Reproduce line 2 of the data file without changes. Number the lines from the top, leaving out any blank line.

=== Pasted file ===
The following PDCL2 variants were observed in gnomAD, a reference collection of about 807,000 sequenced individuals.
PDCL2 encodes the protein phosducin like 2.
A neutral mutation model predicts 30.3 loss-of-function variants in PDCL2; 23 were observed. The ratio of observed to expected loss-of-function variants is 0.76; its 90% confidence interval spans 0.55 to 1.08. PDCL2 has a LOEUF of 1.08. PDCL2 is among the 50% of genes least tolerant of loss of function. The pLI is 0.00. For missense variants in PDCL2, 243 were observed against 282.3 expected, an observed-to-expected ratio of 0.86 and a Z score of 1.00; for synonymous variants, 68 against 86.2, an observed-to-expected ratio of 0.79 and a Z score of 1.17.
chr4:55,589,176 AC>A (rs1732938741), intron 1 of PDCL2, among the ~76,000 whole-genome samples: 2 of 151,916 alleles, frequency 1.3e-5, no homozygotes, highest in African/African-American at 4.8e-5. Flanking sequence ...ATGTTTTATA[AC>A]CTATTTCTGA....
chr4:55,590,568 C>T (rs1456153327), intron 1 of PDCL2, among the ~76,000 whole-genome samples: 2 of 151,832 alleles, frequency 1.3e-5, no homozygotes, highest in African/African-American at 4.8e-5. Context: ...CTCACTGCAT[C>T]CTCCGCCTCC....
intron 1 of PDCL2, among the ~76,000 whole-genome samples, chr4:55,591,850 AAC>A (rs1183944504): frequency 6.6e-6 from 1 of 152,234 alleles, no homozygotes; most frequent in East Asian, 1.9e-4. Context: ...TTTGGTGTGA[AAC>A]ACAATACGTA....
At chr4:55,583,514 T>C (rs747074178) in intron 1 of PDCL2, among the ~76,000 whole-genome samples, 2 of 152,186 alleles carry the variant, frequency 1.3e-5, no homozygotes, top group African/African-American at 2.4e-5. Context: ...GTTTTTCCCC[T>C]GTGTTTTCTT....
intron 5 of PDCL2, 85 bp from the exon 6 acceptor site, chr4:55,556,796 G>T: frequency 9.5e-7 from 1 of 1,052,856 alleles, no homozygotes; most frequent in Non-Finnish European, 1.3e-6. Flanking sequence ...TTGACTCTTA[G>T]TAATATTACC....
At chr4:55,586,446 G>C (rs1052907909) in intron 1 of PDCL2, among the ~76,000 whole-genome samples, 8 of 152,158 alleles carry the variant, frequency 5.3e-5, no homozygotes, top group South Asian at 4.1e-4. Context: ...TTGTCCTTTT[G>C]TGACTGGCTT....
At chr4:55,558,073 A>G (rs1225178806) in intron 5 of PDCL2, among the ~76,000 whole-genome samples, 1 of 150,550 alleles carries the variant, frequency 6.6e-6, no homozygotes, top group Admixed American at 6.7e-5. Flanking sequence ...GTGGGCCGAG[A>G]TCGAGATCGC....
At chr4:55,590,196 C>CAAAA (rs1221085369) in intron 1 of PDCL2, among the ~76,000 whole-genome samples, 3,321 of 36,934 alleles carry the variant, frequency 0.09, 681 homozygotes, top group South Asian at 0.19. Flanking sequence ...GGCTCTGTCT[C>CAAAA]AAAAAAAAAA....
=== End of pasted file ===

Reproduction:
PDCL2 encodes the protein phosducin like 2.